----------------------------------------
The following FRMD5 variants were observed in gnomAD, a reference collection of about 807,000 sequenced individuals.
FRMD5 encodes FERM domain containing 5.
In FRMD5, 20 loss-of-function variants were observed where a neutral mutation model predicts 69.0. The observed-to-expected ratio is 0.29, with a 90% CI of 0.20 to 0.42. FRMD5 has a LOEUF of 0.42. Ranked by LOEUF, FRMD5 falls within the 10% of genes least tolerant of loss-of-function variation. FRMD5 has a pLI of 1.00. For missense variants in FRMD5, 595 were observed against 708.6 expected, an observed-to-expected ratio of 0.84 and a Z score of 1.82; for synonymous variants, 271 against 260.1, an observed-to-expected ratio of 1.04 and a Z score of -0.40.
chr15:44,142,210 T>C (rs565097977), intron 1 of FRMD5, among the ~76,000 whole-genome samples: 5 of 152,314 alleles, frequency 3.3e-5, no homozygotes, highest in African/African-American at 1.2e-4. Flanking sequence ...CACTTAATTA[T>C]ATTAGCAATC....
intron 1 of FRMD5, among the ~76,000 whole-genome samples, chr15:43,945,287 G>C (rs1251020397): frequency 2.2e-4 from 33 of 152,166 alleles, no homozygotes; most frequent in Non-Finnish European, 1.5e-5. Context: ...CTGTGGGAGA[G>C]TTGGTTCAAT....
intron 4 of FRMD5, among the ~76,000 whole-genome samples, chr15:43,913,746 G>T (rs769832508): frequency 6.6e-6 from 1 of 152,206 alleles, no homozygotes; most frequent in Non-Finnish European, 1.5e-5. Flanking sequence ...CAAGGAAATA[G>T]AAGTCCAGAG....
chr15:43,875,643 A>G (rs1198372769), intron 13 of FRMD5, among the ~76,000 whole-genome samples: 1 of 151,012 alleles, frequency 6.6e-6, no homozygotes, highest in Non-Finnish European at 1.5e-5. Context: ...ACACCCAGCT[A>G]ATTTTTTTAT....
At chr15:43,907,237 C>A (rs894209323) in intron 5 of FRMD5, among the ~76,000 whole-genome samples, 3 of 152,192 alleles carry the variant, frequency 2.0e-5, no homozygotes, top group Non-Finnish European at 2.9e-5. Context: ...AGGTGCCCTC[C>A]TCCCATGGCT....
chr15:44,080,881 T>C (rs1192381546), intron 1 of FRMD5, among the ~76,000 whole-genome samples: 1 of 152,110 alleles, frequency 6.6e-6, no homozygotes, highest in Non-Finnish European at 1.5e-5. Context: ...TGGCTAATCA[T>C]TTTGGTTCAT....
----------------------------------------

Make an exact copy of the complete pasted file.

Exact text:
The following FRMD5 variants were observed in gnomAD, a reference collection of about 807,000 sequenced individuals.
FRMD5 encodes FERM domain containing 5.
In FRMD5, 20 loss-of-function variants were observed where a neutral mutation model predicts 69.0. The observed-to-expected ratio is 0.29, with a 90% CI of 0.20 to 0.42. FRMD5 has a LOEUF of 0.42. Ranked by LOEUF, FRMD5 falls within the 10% of genes least tolerant of loss-of-function variation. FRMD5 has a pLI of 1.00. For missense variants in FRMD5, 595 were observed against 708.6 expected, an observed-to-expected ratio of 0.84 and a Z score of 1.82; for synonymous variants, 271 against 260.1, an observed-to-expected ratio of 1.04 and a Z score of -0.40.
chr15:44,142,210 T>C (rs565097977), intron 1 of FRMD5, among the ~76,000 whole-genome samples: 5 of 152,314 alleles, frequency 3.3e-5, no homozygotes, highest in African/African-American at 1.2e-4. Flanking sequence ...CACTTAATTA[T>C]ATTAGCAATC....
intron 1 of FRMD5, among the ~76,000 whole-genome samples, chr15:43,945,287 G>C (rs1251020397): frequency 2.2e-4 from 33 of 152,166 alleles, no homozygotes; most frequent in Non-Finnish European, 1.5e-5. Context: ...CTGTGGGAGA[G>C]TTGGTTCAAT....
intron 4 of FRMD5, among the ~76,000 whole-genome samples, chr15:43,913,746 G>T (rs769832508): frequency 6.6e-6 from 1 of 152,206 alleles, no homozygotes; most frequent in Non-Finnish European, 1.5e-5. Flanking sequence ...CAAGGAAATA[G>T]AAGTCCAGAG....
chr15:43,875,643 A>G (rs1198372769), intron 13 of FRMD5, among the ~76,000 whole-genome samples: 1 of 151,012 alleles, frequency 6.6e-6, no homozygotes, highest in Non-Finnish European at 1.5e-5. Context: ...ACACCCAGCT[A>G]ATTTTTTTAT....
At chr15:43,907,237 C>A (rs894209323) in intron 5 of FRMD5, among the ~76,000 whole-genome samples, 3 of 152,192 alleles carry the variant, frequency 2.0e-5, no homozygotes, top group Non-Finnish European at 2.9e-5. Context: ...AGGTGCCCTC[C>A]TCCCATGGCT....
chr15:44,080,881 T>C (rs1192381546), intron 1 of FRMD5, among the ~76,000 whole-genome samples: 1 of 152,110 alleles, frequency 6.6e-6, no homozygotes, highest in Non-Finnish European at 1.5e-5. Context: ...TGGCTAATCA[T>C]TTTGGTTCAT....